The Classical Indian Dance of Andhra Pradesh is called “Kuchipudi”. Since the Lonely Planet claims that there is nothing to see in Andhra, the Telugu-speaking part of India has been spared from entertainment-hungry tourists interested in “authentic traditional local culture” and willing to pay the insane prices that they are being charged to watch “simplified and shortened”(=fake) Kathakali dances in Kerala. A further reason may be that Andhra not only contains multicultural high-tech cities such as Hyderabad, but also some of the poorest areas in the world with shockingly low literacy rates especially amongst the female population – whereas Kerala boasts with a close-to-100% literacy.
Kuchipudi is revered by the selected few Indians with abundant time/money to engage in the art of classical dancing, as well as by the neglible number of tourists that do not rely on the Lonely Planet as guidebook to the subcontinent (tell me truthfully: is there ANY other subcontinent in the world that you can name?). The reasons for the unusually high degree of affection that Kuchipudi enjoys are usually given as follows: Such elaborate storytelling via the means of dance! Such emotions conveyed merely via the eyes of the dancers! Such graceful scintillating movements! Such deep, true, heartfelt religious beliefs! Such untouchedness by evil corporate commercialism!
Unfortunately, all these arguments remain at the surface. If you really want to know what Kuchipudi is all about, you better stick with Phil Collins of the band Genesis, who already realized in 1991 that he “can’t dance” and he “can’t talk” – the only thing about him is “the way that he walks”:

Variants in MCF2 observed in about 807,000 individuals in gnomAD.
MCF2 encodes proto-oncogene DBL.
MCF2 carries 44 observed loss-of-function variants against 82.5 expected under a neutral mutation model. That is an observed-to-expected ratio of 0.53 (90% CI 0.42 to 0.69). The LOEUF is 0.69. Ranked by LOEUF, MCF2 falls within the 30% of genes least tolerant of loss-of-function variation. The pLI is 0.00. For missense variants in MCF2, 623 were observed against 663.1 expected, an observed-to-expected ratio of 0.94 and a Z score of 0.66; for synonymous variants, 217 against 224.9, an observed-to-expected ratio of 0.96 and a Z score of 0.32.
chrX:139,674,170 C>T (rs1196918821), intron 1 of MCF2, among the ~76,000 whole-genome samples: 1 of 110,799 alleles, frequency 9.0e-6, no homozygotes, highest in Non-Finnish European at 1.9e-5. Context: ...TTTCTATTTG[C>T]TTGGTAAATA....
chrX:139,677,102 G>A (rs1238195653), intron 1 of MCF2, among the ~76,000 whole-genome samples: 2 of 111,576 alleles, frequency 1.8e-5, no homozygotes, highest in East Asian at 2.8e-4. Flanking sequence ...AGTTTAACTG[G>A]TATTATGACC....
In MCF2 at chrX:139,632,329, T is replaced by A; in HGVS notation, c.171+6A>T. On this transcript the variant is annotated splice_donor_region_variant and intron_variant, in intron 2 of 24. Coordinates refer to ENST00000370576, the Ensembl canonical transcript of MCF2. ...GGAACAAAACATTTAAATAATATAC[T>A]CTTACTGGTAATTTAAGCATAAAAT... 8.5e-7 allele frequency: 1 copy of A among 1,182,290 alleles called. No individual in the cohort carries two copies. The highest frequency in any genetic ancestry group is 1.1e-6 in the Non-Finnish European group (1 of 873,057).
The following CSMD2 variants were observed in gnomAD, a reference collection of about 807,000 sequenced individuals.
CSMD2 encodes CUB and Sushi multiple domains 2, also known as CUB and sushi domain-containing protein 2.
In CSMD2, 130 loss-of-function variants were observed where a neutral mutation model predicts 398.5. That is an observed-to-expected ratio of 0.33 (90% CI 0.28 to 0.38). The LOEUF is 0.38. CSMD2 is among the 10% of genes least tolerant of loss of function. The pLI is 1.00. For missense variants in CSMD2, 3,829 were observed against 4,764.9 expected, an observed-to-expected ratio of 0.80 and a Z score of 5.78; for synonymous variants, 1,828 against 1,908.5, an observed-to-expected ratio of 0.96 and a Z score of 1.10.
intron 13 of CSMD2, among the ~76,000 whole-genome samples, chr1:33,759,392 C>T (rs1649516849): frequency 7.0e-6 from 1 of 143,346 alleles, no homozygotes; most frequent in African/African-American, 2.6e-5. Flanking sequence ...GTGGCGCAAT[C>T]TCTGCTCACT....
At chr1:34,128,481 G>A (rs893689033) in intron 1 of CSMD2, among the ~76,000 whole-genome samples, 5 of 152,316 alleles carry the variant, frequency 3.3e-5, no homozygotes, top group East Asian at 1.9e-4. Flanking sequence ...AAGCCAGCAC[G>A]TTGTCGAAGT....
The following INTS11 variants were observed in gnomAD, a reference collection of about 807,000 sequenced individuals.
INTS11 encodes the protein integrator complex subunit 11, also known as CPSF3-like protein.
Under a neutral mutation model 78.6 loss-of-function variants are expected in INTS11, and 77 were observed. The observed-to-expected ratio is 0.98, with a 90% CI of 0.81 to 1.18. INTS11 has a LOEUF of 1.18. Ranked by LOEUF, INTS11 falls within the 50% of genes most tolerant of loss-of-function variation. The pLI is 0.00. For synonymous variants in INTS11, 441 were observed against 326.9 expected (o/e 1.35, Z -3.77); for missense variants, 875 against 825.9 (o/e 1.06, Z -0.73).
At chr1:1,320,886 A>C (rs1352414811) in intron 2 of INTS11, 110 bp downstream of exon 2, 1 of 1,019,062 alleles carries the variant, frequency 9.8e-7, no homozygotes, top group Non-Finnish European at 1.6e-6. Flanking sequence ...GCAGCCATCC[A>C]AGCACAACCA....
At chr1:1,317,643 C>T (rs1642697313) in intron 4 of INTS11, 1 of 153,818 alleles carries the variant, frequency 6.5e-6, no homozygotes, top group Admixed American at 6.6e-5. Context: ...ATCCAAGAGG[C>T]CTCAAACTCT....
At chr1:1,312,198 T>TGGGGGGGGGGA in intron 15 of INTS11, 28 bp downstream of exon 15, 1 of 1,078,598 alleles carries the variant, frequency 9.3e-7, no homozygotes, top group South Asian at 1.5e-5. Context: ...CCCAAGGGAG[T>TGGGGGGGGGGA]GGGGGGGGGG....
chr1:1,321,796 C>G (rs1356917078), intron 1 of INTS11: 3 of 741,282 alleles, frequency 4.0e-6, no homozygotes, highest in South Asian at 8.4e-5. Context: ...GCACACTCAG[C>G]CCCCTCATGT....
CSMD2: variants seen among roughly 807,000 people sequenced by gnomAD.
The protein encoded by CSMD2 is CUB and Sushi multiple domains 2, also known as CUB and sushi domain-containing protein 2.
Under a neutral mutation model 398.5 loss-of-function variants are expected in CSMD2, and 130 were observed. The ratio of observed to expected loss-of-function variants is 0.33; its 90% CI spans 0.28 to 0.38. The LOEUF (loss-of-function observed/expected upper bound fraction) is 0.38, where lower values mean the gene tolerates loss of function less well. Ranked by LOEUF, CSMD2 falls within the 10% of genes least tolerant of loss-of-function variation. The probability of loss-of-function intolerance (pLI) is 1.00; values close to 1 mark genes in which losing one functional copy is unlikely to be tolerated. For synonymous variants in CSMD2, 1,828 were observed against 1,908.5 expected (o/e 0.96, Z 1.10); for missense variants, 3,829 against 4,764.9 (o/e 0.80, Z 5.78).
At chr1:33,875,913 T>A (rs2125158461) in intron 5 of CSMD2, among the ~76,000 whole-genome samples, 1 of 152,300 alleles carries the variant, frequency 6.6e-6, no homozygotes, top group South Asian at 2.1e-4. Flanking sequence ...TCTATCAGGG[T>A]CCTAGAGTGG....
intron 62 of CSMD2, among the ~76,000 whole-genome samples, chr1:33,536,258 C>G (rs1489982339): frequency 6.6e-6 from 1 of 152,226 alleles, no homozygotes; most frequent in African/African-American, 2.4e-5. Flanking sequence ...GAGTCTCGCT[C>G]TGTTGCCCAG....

Because one of the truly most amazing features about Kuchipudi are the 100% street-credibly cool walk moves. Just look at the ease at which the dancers stride across the stages with an almost pop-music style bounce in their feet. Self-assured they conquer the world by the mere virtue of “the way that they walk”. With great self-confidence they defy the boundaries set to them by the apparent inadequateness of the sarees that they are wearing – Thus, while dancing, they achieve the remarkable feat of breaking out of the tightly-knit societal conventions of India while firmly remaining at the very center-stage of that same society:
If you’re interested in more such timeless walks, do check out the 5000-years-old-and-still-kicking walk portrayed in the Bangles “Walk like an Egyptian”:
and of course the authentic traditional local culture signature dance of Micheal Jackson – The Moonwalk:
This week, don’t forget the wise words of Edward Abbey: “Walking talkes longer[…] – Thus is stretches time and prolongs life. Life is already too short to waste on speed.”
Have a bouncing week,
PS: I feel a bit sorry for England after their (admittedly controversial) 4:1 defeat against Germany on Sunday. At the very least, their timeless official 1996/1998 song by the Lightning Seeds “3 lions” reveals their surprisingly laid back attitude towards the fact that once again in a World Cup, English football’s coming home well before the end of the tournament:
(the video contains a re-enactment of the match England-Germany)